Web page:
My name is Emily O’Connor. I am dyslexic. Advantage Math Clinic is my creation; a small business born to serve students and families like me.
I think Ben Foss says it the best in The Dyslexia Empowerment Plan, “it’s incredibly important for people who are in the experience [of having dyslexia] to have a seat at the table.”
Advantage Math Clinic is mine.
My earliest memories of school are tinged with a hazy sense of anxiety and shame. My Kindergarten teacher called my Mother early in the year to share that I was having extreme difficulty memorizing the alphabet. In 1st grade I vividly remember my teacher discovering that I had been, for at least the past six weeks, putting every single worksheet she handed out into my desk, uncompleted. I remember my teacher’s eyes going round, and her kneeling down and gently asking me, why had I not asked for help, why had I not raised my hand? This teacher also called my Mother, and requested that I take all the worksheets home to complete and return to school.
It is undoubtedly one of the greatest good fortunes of my life that my parents honored my experience of struggle and intervened. When I was in second grade, I began a specific intervention that allowed me, over the subsequent three years, to make the unique neural connections my brain required in order to read.
Once I was able to read, I read voraciously; to this day some of my happiest memories are taking in the magic of print (The Secret Garden) during this period of my life. I still had difficulty with spelling, but I developed coping skills and was good at memorizing the shape of words, which meant my attempts at spelling hard words ended up somewhat close most of the time.
Mathematics, however, remained elusive.
I was unbelievably confused by the concept that one could actually memorize the multiplication tables. Equally baffling were concepts involving finding something called a Greatest Common Factor and turning one set of fractions into a totally different set of fractions.
However, I played to my strengths, and decided that since I was good at talking to people, learning new information, and seeing the big picture, I would just do those things and everything would be fine.
As it often is, everything was fine. While working for The Boys and Girls Clubs I discovered a love of working with kids, and decided to become a teacher. After I graduated from Lewis and Clark College with my M.A.T. I had another enormous stroke of good luck: I took a Slingerland Year 1 course, and learned that there were other people who had a brain like mine and how to help them.
Since then, I have had the opportunity to take numerous workshops and courses on dyslexia. I am a Certified Barton Reading & Spelling System tutor, and have earned Susan Barton’s recommendation as a Dyslexia Specialist.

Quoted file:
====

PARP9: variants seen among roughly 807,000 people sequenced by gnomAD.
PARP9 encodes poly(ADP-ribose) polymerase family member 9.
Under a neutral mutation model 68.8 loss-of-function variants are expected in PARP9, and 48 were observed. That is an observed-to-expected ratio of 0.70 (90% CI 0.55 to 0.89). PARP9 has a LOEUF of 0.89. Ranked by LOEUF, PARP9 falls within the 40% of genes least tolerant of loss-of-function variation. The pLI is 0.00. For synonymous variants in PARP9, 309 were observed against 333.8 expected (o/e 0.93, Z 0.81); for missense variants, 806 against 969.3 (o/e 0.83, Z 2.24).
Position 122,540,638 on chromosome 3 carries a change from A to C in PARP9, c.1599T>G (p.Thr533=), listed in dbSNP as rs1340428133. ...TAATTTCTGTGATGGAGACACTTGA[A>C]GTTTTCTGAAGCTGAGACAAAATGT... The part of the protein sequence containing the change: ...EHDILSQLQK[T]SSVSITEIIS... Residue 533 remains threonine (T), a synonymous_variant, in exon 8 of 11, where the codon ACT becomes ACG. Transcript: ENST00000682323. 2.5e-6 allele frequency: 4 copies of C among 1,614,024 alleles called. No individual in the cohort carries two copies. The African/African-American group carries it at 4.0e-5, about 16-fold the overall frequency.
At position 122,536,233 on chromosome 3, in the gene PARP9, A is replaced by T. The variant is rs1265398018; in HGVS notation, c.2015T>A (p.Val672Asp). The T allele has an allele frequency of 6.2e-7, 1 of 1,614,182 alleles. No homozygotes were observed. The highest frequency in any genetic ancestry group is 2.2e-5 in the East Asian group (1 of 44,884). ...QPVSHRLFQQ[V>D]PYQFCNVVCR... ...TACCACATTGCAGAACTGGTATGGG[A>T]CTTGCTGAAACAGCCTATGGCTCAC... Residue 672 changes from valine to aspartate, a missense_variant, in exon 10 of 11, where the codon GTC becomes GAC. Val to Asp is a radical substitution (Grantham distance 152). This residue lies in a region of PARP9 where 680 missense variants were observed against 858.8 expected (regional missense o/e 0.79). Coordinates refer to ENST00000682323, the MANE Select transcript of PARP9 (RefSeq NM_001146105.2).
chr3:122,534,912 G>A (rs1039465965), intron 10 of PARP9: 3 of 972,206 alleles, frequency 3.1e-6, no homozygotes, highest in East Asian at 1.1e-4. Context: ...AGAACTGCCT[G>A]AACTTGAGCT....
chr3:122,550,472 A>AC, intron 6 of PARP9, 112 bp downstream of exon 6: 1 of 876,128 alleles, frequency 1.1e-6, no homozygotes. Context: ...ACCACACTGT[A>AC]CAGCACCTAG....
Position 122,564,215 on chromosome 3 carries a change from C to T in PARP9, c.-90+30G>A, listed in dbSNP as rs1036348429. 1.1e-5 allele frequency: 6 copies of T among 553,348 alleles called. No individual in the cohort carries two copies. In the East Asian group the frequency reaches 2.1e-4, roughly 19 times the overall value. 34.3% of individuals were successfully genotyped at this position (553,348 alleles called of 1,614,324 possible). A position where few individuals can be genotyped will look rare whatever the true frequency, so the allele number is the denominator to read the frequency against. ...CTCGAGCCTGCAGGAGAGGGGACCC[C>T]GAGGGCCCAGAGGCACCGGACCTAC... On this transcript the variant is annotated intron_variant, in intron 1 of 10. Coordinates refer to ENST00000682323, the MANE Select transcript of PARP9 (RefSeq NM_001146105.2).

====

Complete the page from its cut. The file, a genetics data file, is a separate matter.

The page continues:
In 2016 I had the good fortune to begin working with Gina Cooke, of https://linguisteducatorexchange.com. If you want to understand the truth and beauty inherent in English Orthography (orth + o + graph + y-->orthography; the base elements denote 'correct writing/recording') she is your person. Well, she is one of your people. Through Gina I met Michel of Real Spelling ( http://www.realspelling.fr/Welcome_to_Real_Spelling/Choose-New.html ) and my entire life changed, as it often does when you realize the truth about something/meet an extraordinary scholar.
I do not currently use the Barton Reading and Spelling System, because Susan Barton is wrong about a whole bunch of stuff and has no desire to revise her stuff so she is less wrong. For example: *<tion> is not a suffix. For example: three syllable words can totally have stress fall on the final syllable (referee). For example: daughter is not a sight word. In the word "daughter" there are 8 letters but only 4 graphemes: <d>, <a>, <t>, and <er>. <ugh> is not a grapheme in that word, but is instead a literal unit serving as an etymological marker which binds "daughter," through it's spelling, to it's Old English past. Just because you don't know the story doesn't mean there isn't one.
During my tenure teaching at an independent school for children with dyslexia, I discovered the Making Math Real® Institute and Making Math Real Multisensory Structured Methods, and my life changed forever. I learned that there were very specific reasons why I had always struggled to learn math, and this knowledge was both painful & empowering.
To date I have taken 354 instructional hours of Making Math Real® courses, and have been teaching students using these methods since 2013.
This work has been the most fulfilling and happiest of my life, and I feel like the luckiest person alive to be doing it.